Effects of methylprednisolone and dextromethorphan on lipid peroxidation in an experimental model of spinal cord injury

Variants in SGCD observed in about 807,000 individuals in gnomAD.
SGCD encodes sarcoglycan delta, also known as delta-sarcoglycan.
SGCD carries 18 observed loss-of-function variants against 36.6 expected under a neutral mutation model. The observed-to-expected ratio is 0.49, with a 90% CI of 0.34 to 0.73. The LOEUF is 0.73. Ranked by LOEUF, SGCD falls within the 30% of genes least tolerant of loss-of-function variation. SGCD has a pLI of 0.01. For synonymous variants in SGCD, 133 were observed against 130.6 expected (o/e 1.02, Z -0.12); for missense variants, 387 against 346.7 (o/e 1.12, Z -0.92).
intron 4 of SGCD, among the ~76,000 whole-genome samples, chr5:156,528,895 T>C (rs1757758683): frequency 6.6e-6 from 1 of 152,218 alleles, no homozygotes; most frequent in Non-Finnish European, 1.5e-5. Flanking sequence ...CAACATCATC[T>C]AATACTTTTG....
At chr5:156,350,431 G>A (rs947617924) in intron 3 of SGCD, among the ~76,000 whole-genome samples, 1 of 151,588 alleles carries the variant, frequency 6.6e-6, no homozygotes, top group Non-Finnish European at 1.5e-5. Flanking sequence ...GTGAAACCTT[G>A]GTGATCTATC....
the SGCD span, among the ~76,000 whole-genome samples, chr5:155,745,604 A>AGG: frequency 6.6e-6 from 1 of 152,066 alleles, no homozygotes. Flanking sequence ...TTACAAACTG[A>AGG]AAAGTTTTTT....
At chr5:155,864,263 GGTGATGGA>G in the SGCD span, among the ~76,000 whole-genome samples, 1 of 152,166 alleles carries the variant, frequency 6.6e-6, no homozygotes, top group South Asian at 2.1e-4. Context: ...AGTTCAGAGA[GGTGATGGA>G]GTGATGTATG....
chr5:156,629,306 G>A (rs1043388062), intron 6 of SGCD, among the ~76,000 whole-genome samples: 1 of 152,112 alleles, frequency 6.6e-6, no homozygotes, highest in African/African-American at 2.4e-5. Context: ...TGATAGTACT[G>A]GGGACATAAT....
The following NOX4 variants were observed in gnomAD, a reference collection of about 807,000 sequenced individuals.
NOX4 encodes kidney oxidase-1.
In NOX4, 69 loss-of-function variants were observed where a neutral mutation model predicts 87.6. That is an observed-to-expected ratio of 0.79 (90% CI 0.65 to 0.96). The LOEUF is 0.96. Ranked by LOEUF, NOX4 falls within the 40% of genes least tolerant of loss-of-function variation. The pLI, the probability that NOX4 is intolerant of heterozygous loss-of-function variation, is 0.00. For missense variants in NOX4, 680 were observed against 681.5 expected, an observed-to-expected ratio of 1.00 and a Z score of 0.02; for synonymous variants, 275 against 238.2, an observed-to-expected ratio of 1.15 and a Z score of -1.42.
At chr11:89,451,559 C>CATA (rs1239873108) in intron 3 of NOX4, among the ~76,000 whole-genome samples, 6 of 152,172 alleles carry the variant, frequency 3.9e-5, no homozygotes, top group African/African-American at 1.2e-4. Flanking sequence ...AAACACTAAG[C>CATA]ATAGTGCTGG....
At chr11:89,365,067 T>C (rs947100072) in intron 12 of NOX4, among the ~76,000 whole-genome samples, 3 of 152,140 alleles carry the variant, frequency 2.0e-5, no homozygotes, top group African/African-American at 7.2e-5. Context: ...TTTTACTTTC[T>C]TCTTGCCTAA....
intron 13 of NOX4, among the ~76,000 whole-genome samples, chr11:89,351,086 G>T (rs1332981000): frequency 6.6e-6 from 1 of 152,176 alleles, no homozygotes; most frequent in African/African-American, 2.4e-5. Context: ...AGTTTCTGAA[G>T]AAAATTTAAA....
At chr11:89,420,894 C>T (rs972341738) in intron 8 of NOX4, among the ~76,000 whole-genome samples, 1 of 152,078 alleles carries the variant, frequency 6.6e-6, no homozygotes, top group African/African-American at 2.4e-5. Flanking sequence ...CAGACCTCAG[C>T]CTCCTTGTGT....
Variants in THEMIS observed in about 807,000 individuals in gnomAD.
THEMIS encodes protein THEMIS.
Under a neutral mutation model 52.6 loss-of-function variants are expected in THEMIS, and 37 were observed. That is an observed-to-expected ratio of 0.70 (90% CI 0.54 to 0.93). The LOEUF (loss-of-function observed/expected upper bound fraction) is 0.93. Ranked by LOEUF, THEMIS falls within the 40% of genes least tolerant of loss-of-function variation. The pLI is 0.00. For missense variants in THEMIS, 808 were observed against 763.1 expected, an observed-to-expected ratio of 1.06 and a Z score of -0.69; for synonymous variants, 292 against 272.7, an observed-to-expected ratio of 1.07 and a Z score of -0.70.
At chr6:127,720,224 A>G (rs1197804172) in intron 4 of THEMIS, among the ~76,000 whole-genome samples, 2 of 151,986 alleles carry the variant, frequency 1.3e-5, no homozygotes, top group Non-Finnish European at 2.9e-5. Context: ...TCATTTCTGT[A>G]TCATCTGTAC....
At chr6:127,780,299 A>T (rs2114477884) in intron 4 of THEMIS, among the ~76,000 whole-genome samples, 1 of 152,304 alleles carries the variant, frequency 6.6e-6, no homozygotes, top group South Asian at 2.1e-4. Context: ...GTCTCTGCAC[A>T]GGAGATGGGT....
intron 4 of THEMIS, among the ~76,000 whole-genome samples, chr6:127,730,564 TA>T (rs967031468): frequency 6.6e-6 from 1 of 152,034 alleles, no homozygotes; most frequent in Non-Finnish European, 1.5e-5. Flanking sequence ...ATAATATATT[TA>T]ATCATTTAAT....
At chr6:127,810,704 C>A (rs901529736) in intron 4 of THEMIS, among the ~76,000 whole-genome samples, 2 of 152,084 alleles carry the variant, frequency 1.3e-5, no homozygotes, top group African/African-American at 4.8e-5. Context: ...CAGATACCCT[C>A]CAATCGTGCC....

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Objective. This study examines the effects of agents purported to improve recovery following spinal cord trauma, methylprednisolone sodium succinate, dextromethorphan, and the combination of both, on the post-traumatic alterations of membrane lipid metabolism. Methods. After sparing ten rats for a control group (G1) and performing T3–T6 laminectomies in 150 rats, spinal cord injuries were accomplished in 120 of 150 Wistar rats with an aneurysmal clip compression at the level of T4-5 for 30 sec. Hence the G2 group (n 30) included the "only laminectomy/sham" group. The 120 injured animals were subdivided into four equal groups (n 30 each). Group G3 underwent no therapy, G4 methylprednisolone (MP), G5 dextromethorphan (DM), and G6 MP+DM therapies. Groups G2–G6 were killed ten by ten at 10 min, 30 min, and 120 min after the operation. We measured tissue (MDA) and blood malonyldialdehyde (MDAb), (a product of lipid peroxidation) levels as an indicator of oxidative damage by thiobarbituric acid method and activity levels of antioxidant enzymes superoxide dismutase and glutathione peroxidase in erythrocytes. Intergroup and intragroup results were compared statistically. Results. Methylprednisolone was able to keep the levels for all parameters close to baseline except for 30-min MDA, MDAb, and SOD values. But their results were all different from those of G3. Dextromethorphan was successful in this respect at 30-min GSH-Px and 120-min SOD and GSH-Px, and all values were also different from G3 values except for 10-min MDA, SOD, and GSH-Px. Combined therapy was not able to keep levels close to baseline for all parameters, but they were different from G3's except for the GSH-Px values. Methylprednisolone values displayed minimal alterations according to baseline at 120 min. Dextromethorphan was relatively unsuccessful at 10 min. Combined therapy did not show benefit superior to MP/DM single therapies.
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